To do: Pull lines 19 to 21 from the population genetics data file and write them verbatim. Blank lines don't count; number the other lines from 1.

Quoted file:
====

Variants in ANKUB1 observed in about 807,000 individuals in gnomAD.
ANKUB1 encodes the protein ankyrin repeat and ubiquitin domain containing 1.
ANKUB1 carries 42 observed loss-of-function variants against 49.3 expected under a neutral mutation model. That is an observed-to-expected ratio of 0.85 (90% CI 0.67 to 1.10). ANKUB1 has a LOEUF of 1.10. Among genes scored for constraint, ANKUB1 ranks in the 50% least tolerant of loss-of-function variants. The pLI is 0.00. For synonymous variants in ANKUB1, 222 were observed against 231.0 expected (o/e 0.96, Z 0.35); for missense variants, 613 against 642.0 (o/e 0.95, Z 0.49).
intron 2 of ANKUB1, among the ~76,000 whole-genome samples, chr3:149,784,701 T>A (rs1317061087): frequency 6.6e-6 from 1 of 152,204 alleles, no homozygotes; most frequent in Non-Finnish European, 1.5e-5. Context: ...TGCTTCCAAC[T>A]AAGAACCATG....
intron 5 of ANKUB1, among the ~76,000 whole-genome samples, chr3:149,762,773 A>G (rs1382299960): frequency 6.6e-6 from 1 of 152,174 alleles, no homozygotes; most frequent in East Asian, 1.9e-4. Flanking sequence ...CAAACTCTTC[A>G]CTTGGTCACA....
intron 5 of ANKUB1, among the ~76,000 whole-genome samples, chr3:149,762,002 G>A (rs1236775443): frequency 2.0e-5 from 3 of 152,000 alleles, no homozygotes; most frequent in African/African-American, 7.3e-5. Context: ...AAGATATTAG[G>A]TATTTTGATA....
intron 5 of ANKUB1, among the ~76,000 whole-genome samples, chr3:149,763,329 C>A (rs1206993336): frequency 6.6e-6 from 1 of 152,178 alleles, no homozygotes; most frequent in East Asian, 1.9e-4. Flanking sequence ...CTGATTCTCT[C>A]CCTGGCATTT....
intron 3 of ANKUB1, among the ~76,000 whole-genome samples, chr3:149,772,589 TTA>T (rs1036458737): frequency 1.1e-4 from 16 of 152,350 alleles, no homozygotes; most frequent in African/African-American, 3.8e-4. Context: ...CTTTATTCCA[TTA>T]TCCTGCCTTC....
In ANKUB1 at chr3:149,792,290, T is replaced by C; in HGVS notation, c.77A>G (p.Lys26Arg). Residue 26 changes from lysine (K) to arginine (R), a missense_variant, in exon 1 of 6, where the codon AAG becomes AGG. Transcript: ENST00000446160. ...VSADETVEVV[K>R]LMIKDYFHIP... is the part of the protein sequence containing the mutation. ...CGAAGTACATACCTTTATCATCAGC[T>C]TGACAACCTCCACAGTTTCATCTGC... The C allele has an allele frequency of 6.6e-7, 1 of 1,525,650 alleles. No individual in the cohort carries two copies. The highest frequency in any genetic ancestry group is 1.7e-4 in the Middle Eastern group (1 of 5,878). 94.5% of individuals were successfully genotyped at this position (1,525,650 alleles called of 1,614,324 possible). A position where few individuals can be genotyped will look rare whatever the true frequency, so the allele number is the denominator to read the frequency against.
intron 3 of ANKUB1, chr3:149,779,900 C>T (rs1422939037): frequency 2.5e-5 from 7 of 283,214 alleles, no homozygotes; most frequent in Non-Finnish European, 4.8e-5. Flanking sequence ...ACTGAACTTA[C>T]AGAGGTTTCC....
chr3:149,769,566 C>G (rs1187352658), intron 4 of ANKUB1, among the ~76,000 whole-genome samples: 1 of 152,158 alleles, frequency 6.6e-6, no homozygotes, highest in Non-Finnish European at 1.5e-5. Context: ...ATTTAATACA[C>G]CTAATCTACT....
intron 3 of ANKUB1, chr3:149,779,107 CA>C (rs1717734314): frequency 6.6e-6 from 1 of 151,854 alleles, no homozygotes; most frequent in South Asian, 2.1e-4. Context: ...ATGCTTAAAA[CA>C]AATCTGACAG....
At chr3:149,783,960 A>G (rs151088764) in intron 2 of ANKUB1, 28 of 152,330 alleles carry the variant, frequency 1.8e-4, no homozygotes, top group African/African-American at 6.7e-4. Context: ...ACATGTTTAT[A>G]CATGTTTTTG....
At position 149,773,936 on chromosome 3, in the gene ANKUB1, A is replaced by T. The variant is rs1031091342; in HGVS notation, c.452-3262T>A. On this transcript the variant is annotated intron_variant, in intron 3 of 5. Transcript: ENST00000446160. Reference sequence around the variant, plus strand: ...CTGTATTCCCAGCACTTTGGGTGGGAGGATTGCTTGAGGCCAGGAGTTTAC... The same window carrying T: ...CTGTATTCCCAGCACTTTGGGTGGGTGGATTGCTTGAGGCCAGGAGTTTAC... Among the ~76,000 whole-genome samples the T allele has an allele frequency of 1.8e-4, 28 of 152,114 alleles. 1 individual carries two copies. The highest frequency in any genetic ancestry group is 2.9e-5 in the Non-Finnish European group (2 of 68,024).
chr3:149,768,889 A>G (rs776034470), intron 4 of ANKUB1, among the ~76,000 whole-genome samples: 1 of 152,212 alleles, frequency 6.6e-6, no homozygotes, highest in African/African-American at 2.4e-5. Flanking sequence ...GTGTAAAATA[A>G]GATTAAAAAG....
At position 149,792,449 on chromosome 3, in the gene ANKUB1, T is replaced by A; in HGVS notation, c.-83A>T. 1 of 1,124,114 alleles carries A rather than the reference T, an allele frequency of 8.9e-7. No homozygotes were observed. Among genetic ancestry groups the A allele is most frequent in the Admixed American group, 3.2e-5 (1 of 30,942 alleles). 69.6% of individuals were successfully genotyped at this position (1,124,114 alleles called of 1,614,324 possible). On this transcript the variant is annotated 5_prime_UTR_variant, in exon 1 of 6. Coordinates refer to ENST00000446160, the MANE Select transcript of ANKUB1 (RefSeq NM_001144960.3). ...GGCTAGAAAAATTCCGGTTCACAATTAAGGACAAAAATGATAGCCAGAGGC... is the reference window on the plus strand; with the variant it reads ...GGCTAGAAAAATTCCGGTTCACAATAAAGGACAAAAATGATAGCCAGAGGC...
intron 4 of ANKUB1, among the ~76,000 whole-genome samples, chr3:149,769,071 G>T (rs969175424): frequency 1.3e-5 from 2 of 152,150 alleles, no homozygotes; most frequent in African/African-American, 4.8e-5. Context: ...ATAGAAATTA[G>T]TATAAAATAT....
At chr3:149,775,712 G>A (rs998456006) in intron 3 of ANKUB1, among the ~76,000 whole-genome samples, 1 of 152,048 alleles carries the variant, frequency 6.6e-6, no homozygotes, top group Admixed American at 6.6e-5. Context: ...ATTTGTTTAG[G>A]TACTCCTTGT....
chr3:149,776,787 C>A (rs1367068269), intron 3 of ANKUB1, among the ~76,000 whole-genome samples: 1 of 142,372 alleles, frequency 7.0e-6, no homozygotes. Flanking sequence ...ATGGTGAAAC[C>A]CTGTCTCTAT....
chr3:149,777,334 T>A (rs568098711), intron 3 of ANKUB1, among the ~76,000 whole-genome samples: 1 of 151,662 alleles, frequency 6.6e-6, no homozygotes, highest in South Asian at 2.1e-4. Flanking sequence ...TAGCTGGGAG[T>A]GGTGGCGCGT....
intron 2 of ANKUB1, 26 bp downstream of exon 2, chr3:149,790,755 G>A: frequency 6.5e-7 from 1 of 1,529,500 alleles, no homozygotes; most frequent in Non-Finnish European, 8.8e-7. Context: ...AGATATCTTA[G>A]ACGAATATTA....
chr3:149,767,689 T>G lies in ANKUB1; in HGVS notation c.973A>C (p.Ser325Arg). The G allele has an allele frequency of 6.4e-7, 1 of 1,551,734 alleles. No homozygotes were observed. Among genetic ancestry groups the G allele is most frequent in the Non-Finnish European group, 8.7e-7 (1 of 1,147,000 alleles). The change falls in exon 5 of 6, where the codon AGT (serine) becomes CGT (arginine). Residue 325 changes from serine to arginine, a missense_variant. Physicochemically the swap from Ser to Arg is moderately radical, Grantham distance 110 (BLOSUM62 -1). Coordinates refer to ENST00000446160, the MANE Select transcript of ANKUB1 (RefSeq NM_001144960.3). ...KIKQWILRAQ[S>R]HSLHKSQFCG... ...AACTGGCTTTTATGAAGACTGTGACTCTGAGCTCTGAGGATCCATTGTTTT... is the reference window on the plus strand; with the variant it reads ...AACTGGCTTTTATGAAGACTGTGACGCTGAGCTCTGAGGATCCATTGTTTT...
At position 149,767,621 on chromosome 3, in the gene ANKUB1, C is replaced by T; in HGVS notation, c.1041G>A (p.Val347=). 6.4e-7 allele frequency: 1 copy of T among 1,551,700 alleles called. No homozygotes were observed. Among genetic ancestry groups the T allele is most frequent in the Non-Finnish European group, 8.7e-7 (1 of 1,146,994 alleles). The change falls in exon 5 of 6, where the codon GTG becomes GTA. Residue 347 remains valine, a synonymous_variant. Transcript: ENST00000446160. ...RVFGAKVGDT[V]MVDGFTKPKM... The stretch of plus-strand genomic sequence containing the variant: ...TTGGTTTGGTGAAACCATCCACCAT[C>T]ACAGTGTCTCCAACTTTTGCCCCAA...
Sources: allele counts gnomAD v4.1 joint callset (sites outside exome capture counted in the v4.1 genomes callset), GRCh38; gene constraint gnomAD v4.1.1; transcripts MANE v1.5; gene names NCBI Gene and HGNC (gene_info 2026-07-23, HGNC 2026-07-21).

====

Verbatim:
chr3:149,776,787 C>A (rs1367068269), intron 3 of ANKUB1, among the ~76,000 whole-genome samples: 1 of 142,372 alleles, frequency 7.0e-6, no homozygotes. Flanking sequence ...ATGGTGAAAC[C>A]CTGTCTCTAT....
chr3:149,777,334 T>A (rs568098711), intron 3 of ANKUB1, among the ~76,000 whole-genome samples: 1 of 151,662 alleles, frequency 6.6e-6, no homozygotes, highest in South Asian at 2.1e-4. Flanking sequence ...TAGCTGGGAG[T>A]GGTGGCGCGT....
intron 2 of ANKUB1, 26 bp downstream of exon 2, chr3:149,790,755 G>A: frequency 6.5e-7 from 1 of 1,529,500 alleles, no homozygotes; most frequent in Non-Finnish European, 8.8e-7. Context: ...AGATATCTTA[G>A]ACGAATATTA....